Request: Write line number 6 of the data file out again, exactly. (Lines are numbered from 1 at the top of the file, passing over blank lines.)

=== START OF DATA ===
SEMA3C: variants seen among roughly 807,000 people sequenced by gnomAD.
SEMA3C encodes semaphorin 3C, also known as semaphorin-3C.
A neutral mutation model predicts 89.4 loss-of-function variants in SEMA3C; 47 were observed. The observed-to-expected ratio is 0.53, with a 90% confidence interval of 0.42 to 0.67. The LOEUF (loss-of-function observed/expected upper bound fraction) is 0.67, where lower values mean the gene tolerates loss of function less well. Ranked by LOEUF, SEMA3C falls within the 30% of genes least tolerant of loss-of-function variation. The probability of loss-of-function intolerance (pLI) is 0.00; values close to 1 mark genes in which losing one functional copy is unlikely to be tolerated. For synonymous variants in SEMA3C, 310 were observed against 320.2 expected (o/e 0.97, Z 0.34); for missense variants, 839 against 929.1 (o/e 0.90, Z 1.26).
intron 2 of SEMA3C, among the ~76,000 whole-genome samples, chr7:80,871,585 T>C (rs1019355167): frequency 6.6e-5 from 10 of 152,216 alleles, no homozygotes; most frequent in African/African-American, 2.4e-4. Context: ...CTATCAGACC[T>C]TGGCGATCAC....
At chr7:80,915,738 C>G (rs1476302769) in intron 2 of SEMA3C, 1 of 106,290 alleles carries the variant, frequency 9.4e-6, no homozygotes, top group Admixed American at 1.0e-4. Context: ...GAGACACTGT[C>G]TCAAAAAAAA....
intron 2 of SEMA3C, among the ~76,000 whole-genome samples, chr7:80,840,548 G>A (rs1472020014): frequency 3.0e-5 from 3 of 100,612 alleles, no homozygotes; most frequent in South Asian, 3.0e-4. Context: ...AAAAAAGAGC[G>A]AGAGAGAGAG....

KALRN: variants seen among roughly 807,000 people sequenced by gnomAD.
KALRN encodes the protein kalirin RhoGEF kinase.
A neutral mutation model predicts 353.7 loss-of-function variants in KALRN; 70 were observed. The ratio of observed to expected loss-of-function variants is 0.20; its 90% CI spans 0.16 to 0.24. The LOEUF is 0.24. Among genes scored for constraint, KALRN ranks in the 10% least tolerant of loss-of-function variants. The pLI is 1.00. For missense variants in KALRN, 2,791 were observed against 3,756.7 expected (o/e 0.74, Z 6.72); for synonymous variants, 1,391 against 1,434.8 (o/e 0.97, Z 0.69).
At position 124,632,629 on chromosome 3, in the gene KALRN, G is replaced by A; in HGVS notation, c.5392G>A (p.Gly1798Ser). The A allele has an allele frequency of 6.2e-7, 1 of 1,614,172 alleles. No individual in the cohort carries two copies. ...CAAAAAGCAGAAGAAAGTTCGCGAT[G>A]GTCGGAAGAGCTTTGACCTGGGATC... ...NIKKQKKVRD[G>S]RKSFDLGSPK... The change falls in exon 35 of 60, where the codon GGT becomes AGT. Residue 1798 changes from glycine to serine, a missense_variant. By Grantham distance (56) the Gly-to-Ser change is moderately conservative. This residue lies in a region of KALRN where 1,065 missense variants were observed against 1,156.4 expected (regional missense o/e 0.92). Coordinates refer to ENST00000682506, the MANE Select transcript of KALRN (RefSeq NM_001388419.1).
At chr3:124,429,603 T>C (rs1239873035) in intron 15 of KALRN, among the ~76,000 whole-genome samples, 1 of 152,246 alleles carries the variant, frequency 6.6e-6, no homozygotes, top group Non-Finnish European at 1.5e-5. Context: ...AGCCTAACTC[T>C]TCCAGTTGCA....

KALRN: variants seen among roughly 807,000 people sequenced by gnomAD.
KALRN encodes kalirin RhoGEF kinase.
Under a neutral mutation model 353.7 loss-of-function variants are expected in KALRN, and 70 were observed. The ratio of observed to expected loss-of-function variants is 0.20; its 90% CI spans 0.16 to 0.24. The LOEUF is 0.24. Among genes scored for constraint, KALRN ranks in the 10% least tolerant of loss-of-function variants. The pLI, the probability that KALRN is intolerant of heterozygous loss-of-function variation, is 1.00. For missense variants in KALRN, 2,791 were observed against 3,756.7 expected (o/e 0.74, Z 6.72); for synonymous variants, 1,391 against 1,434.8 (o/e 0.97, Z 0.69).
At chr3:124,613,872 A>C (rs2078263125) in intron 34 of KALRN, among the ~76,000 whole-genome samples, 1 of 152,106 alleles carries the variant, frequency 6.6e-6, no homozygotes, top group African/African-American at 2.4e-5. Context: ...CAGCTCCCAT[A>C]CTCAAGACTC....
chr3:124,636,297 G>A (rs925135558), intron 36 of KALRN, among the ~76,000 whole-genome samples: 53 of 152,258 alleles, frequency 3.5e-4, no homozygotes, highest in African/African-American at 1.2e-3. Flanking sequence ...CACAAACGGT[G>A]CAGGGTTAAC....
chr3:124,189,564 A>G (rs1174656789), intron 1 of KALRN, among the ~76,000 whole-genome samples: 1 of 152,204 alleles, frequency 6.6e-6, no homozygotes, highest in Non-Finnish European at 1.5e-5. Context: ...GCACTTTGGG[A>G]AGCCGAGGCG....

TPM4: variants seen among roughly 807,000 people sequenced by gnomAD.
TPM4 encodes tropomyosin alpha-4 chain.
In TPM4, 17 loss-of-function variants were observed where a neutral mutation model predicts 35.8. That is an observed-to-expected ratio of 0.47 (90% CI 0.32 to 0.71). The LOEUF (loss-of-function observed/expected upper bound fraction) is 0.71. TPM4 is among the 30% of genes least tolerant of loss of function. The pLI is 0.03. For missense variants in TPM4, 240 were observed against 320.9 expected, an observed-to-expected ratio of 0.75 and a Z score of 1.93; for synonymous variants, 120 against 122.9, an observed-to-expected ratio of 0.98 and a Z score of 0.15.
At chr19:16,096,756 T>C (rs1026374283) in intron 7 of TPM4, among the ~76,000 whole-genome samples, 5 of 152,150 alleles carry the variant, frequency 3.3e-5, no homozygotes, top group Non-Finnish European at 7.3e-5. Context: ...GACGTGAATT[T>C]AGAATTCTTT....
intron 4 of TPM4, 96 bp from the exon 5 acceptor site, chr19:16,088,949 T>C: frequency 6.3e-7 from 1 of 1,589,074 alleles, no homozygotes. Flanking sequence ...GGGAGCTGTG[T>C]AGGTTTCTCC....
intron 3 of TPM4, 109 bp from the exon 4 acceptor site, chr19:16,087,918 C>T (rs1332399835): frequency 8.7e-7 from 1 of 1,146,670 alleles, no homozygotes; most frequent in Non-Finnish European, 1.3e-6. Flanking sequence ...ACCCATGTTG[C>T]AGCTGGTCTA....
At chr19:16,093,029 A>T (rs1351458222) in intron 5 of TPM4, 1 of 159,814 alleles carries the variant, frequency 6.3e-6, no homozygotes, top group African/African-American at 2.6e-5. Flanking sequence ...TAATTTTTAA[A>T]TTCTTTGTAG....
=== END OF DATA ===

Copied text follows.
intron 2 of SEMA3C, among the ~76,000 whole-genome samples, chr7:80,840,548 G>A (rs1472020014): frequency 3.0e-5 from 3 of 100,612 alleles, no homozygotes; most frequent in South Asian, 3.0e-4. Context: ...AAAAAAGAGC[G>A]AGAGAGAGAG....